Anything But Ordinary
Distinguishing the 59th Presidential Inauguration from years past
January 20, 2021
Today, President Joseph R. Biden and Vice President Kamala Harris were sworn into office at an inauguration ceremony that will go down in history in more ways than one.
Of course, an obvious difference between today’s ceremony and those of the last few presidents was the crowd—specifically, the lack of one. Instead of an enormous swath of people, The National Mall held close to 200,000 flags representing those unable to attend the inauguration due to the COVID-19 pandemic. Increased security in response to the Capitol violence on Jan. 6 also curtailed the typically large crowd.
In terms of limited attendance, the 59th Presidential Inauguration also marked the first time in 152 years that a departing president did not attend their successor’s inauguration. Former President Donald Trump left the White House shortly after 8 a.m. and was already in Florida at his private club in Palm Beach when Biden was sworn in.
The ceremony also made history with Amanda Gorman, the youngest inaugural poet ever, reciting her poem entitled “The Hill We Climb.” While referencing some of the struggles the nation has endured recently, such as the violence at the Capitol, Gorman successfully captured something we are all in desperate need of: hope.
“What I really aspire to do in the poem is to be able to use my words to envision a way in which our country can still come together and can still heal,” Gorman said, to the New York Times.
However, perhaps one of the most notable elements of today’s inauguration was Vice President Harris becoming the first woman and the first woman of color to hold the office of the vice president. Many were excited and supportive of this barrier-breaking milestone, including Hillary Clinton, the only woman to receive a major party’s presidential nomination.
“It delights me to think that what feels historical and amazing to us today—a woman sworn in to the vice presidency—will seem normal, obvious, “of course” to Kamala’s grand nieces as they grow up. And they will be right,” Clinton said in a tweet on Wednesday.
The ceremonies concluded with yet another altered tradition: a shortened presidential parade with a virtual “Parade Across America.” The hour-long event included several performing groups, making for a total of 1,391 participants, 95 horses, and nine dogs in the parade.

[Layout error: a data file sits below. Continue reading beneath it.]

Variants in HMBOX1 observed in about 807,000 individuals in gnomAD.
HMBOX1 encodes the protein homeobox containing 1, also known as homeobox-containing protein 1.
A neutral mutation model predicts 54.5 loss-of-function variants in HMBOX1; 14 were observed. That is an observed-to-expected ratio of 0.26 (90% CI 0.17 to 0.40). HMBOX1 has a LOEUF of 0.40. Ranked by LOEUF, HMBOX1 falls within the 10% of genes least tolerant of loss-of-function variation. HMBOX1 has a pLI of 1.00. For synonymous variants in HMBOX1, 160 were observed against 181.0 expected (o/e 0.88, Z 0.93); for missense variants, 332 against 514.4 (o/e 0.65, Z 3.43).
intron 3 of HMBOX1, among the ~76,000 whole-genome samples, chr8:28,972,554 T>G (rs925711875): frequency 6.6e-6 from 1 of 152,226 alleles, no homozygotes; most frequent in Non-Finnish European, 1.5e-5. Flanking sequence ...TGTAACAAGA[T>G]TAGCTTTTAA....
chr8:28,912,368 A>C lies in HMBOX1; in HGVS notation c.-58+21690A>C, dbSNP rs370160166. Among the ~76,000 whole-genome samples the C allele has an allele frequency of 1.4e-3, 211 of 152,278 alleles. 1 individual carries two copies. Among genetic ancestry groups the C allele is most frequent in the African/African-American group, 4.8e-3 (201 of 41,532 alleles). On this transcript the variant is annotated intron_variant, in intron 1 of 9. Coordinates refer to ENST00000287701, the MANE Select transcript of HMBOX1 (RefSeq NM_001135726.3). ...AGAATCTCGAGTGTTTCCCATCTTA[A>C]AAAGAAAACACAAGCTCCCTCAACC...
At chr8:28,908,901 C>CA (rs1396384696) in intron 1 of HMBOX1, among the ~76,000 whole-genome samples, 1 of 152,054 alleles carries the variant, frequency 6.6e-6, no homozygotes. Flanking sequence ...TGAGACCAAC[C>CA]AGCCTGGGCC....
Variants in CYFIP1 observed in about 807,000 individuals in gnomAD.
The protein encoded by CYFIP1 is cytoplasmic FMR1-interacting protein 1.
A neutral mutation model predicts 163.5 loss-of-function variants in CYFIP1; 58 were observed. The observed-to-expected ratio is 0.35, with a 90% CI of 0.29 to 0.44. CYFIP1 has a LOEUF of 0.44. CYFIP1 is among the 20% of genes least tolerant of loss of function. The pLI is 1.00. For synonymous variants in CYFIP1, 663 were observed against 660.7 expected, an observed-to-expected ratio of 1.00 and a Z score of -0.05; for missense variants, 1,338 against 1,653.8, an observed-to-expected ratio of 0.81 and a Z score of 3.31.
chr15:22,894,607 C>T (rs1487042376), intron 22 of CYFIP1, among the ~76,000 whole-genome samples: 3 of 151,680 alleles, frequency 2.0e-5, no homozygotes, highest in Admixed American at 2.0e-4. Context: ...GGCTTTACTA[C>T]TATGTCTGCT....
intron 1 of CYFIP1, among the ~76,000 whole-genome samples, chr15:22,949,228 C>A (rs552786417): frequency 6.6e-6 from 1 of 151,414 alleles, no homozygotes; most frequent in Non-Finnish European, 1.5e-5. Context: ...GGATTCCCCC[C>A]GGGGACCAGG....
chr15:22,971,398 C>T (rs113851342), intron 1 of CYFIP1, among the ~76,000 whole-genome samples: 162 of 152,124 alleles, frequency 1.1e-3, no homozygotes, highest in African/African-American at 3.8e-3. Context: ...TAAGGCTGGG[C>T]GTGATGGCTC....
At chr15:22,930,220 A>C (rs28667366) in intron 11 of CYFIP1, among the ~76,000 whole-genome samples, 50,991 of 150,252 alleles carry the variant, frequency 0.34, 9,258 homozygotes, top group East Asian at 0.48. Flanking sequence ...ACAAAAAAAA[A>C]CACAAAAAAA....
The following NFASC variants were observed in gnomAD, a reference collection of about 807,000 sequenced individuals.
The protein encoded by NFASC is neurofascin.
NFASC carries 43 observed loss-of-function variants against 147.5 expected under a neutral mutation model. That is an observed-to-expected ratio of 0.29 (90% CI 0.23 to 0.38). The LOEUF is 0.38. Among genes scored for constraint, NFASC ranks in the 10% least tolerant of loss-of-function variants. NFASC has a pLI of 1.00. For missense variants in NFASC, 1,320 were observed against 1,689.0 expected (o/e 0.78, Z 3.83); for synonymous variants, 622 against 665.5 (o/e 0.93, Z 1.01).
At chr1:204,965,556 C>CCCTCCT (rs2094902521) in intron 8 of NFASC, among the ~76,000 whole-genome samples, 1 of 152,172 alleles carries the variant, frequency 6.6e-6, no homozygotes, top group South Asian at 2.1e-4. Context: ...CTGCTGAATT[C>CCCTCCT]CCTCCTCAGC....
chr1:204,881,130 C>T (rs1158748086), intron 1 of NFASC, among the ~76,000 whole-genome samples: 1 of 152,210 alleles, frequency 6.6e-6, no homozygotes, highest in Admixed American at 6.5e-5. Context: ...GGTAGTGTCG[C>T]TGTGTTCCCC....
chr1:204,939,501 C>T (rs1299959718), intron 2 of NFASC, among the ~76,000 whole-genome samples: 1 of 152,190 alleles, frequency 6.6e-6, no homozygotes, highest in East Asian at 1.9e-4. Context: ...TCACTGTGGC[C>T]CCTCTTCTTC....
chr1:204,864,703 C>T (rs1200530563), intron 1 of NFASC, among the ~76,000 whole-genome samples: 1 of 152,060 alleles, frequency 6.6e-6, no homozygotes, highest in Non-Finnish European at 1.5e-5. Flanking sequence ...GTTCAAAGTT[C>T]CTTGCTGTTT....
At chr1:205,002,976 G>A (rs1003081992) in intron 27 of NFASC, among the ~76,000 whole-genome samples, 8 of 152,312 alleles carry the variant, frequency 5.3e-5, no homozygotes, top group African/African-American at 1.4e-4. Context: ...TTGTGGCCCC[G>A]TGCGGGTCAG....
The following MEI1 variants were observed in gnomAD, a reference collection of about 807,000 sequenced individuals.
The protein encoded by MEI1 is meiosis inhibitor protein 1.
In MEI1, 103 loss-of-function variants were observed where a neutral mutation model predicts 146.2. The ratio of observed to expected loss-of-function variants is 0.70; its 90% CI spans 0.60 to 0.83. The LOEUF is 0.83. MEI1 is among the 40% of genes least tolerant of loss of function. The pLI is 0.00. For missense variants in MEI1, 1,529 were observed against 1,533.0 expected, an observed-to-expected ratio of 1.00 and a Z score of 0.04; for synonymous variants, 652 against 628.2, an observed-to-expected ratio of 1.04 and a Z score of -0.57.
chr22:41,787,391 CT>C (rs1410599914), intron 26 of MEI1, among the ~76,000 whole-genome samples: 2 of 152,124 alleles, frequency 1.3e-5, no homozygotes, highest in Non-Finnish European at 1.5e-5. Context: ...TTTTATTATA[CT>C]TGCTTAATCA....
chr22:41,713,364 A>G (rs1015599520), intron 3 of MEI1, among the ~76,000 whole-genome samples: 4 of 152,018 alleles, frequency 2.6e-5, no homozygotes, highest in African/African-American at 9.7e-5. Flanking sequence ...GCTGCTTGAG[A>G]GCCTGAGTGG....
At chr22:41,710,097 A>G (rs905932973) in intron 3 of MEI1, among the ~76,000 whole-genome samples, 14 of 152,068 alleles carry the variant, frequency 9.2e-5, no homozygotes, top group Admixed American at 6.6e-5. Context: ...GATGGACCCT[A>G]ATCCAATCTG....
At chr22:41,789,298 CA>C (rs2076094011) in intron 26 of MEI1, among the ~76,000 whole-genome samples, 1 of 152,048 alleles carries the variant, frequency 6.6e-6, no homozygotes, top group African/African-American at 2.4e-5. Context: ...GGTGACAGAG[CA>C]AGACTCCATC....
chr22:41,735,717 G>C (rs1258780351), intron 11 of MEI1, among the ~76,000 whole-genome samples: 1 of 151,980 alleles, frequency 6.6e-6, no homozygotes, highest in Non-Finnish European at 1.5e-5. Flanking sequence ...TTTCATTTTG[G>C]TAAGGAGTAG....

After the inauguration festivities, President Biden began his presidency by signing 17 executive orders, memorandums, and proclamations. In comparison, Trump signed one executive order during his first day in office. Among Biden’s orders were to rejoin the Paris Climate Accord and a national mask mandate that will require masks and physical distancing in all federal buildings, on all federal lands, and by all federal employees.
With an eventful inauguration day coming to a close, many Americans wonder what challenges lie on the road ahead. However, as President Biden said in his inaugural address, “To overcome these challenges—to restore the soul and to secure the future of America—requires more than words. It requires that most elusive of things in a democracy: Unity. Unity.”
What Happens Next?
Breaking down the question of another impeachment.
It has been six days since the storming of the Capitol rocked the nation on January 6, 2021.
And it’s been a rough couple of days, to say the least.
Only a few days after the riots, the entire nation and its government are still trying to recover from an attack that only seems to grow more disturbing as more information is uncovered every day. Reports of Molotov cocktails and pipe bombs, of murky hostage-taking plots and zip-tie carrying assailants, are plastered across major news outlets and social media platforms, terrifying our own citizenry and the world abroad.
The consequences of years of pent-up and neglected political extreme idealisms have blown up in our faces, right at the beginning of a new year supposedly marking a change for the better. With days left before the presidential inauguration and a major shift in power, the world is on edge, watching with bated breath for any more potential fallout before January 20, the inauguration of President-Elect Joe Biden.
The future of our democracy, of the sheer democratic ideal worldwide, was put at risk when those mobs first broke into the Capitol buildings and has remained up in the air for the moment. Leadership is splintering, with our president persecuting his own vice president, a divided Congress split between action and inaction, and with a gathering military force patrolling outside the hallowed halls of our republic, tensions are certainly running high.
How did this happen? A question that seems to be on everyone’s mind and that also seems to be directed straight at one person: the leader of said nation, our President, Mr. Donald J. Trump.